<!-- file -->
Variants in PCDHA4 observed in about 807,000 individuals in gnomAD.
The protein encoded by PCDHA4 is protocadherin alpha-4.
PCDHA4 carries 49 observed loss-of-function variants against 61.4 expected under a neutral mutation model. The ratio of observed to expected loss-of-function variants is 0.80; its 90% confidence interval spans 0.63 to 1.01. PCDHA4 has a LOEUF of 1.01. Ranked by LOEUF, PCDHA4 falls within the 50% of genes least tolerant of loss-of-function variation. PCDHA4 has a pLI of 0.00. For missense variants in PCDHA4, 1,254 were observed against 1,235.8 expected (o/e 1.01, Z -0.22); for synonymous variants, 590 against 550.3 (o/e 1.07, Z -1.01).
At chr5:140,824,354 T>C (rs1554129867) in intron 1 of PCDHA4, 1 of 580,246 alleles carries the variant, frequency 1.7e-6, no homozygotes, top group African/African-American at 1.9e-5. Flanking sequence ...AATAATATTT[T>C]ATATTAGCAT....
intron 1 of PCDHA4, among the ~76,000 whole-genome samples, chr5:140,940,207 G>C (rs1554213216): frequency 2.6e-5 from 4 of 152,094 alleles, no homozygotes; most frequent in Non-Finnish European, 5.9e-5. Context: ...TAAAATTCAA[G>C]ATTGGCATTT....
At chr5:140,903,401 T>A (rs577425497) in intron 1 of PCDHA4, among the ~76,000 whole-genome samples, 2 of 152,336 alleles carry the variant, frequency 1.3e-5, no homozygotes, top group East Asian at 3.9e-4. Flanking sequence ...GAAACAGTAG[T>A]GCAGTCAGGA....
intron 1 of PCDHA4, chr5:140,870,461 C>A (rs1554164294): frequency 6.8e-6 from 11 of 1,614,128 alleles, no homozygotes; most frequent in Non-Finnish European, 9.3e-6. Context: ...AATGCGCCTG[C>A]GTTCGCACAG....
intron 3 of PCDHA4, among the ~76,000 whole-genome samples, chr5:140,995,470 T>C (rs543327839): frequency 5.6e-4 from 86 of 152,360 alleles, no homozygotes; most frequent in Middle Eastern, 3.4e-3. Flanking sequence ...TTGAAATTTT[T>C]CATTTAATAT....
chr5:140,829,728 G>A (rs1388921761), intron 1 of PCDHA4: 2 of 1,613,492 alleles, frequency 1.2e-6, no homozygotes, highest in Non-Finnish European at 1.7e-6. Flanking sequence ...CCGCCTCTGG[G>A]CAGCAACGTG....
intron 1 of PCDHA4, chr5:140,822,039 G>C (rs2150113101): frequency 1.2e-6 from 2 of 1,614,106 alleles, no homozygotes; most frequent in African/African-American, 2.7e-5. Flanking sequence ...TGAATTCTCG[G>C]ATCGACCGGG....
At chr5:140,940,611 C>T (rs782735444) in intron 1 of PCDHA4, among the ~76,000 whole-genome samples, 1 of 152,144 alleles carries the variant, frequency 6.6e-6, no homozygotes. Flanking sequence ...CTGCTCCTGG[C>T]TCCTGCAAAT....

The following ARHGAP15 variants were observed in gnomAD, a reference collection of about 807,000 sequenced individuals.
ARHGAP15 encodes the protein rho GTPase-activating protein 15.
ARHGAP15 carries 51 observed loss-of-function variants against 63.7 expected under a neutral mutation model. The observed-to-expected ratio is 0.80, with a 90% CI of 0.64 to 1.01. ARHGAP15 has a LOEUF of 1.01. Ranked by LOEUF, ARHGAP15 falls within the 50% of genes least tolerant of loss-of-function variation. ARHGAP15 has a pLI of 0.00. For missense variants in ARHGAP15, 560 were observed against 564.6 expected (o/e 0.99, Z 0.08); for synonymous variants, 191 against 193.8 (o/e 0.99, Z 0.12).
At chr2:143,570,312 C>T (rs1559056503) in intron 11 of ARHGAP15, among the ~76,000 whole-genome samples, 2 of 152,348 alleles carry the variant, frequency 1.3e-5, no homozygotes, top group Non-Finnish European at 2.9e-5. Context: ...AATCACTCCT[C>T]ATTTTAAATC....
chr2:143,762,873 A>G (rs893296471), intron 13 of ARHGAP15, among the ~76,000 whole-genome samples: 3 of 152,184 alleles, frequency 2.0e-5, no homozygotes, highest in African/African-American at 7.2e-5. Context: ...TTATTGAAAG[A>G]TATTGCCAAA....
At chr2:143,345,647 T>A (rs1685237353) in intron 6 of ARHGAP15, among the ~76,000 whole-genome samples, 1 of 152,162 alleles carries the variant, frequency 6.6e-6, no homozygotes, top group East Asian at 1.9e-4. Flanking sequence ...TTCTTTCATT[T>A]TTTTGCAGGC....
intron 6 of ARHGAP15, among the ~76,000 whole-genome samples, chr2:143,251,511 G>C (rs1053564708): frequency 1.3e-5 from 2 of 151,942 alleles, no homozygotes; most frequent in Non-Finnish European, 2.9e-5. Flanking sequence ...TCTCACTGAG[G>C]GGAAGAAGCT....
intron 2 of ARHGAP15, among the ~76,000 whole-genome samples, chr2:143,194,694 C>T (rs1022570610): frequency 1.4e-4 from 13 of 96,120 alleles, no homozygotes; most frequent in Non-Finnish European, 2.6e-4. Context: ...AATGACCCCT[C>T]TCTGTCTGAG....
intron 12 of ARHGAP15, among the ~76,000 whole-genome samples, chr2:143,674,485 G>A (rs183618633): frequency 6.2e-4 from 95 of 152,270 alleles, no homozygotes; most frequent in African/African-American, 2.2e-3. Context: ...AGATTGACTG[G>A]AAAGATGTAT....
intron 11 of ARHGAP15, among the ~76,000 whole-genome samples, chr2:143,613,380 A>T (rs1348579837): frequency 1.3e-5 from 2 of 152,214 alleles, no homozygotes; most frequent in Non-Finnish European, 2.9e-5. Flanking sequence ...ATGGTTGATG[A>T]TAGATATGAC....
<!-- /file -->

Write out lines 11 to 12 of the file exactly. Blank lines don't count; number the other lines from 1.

At chr5:140,940,611 C>T (rs782735444) in intron 1 of PCDHA4, among the ~76,000 whole-genome samples, 1 of 152,144 alleles carries the variant, frequency 6.6e-6, no homozygotes. Flanking sequence ...CTGCTCCTGG[C>T]TCCTGCAAAT....

The following ARHGAP15 variants were observed in gnomAD, a reference collection of about 807,000 sequenced individuals.